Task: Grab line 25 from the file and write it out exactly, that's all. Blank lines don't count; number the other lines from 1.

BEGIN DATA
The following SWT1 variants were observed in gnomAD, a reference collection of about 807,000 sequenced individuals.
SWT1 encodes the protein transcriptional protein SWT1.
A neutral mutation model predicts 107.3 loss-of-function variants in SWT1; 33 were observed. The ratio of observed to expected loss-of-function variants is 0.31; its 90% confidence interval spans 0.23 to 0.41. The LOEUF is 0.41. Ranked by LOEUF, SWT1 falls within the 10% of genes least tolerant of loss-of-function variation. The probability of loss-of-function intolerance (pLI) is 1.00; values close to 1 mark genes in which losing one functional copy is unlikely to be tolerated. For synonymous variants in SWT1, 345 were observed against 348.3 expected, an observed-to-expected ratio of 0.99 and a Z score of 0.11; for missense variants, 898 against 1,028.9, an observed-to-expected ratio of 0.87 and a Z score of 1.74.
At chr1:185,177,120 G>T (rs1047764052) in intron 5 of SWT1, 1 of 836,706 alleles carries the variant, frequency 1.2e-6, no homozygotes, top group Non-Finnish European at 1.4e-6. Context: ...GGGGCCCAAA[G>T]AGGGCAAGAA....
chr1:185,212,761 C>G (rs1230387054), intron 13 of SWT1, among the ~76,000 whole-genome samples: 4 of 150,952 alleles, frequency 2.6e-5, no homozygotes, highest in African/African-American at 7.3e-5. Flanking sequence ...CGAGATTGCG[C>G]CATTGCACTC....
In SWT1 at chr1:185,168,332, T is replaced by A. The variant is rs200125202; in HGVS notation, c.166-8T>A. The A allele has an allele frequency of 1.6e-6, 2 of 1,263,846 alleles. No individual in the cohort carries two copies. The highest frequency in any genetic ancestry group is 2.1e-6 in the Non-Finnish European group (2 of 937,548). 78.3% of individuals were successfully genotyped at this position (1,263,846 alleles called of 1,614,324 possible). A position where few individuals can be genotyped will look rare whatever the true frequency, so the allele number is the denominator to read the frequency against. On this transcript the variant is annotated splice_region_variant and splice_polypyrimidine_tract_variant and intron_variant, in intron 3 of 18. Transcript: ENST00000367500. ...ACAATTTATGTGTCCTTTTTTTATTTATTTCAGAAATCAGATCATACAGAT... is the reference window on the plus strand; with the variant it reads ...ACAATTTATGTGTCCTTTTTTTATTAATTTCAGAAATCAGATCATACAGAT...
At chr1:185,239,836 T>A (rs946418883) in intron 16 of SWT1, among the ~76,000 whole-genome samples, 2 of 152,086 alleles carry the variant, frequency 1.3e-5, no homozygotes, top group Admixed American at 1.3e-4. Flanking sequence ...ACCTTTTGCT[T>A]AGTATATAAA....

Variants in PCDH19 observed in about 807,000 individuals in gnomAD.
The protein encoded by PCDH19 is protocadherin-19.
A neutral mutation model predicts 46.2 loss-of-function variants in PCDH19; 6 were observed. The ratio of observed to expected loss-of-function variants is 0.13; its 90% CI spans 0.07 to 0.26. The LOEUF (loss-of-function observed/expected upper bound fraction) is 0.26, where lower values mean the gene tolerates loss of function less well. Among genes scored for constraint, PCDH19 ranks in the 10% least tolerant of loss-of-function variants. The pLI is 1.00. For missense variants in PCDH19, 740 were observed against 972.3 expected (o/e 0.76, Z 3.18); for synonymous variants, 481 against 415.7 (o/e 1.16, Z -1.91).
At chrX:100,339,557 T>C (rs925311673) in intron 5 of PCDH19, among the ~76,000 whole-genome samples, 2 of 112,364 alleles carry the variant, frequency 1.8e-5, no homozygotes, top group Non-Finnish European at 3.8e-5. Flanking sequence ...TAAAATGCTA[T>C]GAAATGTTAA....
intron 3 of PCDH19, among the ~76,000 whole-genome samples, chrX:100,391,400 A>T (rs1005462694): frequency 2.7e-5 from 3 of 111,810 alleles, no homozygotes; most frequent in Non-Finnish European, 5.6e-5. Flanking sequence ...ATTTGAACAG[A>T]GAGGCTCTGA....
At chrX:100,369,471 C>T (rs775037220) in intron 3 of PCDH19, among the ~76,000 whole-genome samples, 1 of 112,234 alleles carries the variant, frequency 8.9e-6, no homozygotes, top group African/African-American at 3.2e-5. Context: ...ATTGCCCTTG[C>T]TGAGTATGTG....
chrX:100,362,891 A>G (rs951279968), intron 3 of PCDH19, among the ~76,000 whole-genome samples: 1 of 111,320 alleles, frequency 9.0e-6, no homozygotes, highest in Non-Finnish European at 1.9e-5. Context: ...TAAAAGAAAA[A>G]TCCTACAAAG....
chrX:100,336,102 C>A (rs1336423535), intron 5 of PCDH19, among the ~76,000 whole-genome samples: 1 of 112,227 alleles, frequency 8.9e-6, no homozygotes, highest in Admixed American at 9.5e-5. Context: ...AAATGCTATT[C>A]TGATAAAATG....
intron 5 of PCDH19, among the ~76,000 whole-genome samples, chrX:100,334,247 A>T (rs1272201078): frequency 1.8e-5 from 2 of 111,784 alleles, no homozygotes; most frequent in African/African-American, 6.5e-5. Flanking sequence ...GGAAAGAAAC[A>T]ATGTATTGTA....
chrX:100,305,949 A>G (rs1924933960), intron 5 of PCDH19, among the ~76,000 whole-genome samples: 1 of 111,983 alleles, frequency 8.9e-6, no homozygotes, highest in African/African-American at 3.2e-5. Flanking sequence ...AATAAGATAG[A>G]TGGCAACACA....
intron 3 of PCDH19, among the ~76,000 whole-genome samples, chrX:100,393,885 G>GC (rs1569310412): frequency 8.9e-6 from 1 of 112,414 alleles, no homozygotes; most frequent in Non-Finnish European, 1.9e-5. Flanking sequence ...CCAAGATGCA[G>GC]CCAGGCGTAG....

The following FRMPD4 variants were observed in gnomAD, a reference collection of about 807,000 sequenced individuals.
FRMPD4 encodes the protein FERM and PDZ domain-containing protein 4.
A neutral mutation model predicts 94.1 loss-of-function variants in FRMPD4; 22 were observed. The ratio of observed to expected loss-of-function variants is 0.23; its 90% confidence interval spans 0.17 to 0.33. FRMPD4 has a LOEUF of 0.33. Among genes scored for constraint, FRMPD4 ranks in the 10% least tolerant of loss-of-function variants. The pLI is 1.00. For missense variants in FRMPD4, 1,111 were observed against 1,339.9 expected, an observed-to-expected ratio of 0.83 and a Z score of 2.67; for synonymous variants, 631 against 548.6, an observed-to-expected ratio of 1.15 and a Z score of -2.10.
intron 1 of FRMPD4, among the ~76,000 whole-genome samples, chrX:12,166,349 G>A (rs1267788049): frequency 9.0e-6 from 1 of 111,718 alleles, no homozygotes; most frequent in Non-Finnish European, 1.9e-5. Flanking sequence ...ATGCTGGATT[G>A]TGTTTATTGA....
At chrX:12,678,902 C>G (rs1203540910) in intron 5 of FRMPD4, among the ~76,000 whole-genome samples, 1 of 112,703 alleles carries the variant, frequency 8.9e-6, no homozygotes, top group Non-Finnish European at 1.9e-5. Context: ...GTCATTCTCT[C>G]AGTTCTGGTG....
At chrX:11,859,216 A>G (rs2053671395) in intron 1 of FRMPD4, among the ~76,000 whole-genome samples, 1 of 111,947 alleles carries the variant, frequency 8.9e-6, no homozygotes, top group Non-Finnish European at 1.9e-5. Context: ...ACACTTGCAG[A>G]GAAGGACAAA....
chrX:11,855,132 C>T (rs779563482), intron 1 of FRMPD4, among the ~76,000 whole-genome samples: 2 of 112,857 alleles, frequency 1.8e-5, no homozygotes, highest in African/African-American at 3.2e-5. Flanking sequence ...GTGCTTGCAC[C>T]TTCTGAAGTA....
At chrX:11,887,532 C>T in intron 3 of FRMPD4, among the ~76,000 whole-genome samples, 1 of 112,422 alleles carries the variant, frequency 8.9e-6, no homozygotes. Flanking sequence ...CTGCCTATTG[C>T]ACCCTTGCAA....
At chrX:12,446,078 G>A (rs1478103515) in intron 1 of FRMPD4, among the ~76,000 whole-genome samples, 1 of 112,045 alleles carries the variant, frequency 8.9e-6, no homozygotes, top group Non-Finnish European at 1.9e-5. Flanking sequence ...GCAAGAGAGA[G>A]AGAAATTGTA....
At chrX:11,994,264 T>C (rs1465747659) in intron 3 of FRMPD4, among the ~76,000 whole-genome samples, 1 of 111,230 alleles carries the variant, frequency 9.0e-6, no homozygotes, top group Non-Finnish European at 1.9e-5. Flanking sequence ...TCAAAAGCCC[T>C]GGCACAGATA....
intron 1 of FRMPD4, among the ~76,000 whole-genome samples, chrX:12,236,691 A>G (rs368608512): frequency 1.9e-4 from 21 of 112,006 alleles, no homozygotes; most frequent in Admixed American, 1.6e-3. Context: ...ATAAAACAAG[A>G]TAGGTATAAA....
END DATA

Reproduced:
chrX:11,855,132 C>T (rs779563482), intron 1 of FRMPD4, among the ~76,000 whole-genome samples: 2 of 112,857 alleles, frequency 1.8e-5, no homozygotes, highest in African/African-American at 3.2e-5. Flanking sequence ...GTGCTTGCAC[C>T]TTCTGAAGTA....